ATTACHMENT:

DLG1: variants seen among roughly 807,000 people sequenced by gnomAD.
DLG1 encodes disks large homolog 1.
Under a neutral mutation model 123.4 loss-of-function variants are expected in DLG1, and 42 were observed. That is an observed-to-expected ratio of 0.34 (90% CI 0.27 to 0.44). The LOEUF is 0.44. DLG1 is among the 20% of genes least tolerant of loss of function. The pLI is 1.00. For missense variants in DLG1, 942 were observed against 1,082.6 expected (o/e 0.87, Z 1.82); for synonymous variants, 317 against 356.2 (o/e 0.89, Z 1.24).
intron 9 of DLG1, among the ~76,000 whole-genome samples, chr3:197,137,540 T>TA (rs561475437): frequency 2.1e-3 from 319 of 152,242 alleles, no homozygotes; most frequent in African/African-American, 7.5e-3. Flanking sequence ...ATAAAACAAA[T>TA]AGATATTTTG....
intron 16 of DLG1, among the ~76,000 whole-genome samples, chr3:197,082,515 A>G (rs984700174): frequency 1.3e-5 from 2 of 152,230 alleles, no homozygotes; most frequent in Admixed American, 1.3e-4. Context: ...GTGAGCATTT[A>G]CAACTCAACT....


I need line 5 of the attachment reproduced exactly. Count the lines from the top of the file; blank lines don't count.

intron 16 of DLG1, among the ~76,000 whole-genome samples, chr3:197,082,515 A>G (rs984700174): frequency 1.3e-5 from 2 of 152,230 alleles, no homozygotes; most frequent in Admixed American, 1.3e-4. Context: ...GTGAGCATTT[A>G]CAACTCAACT....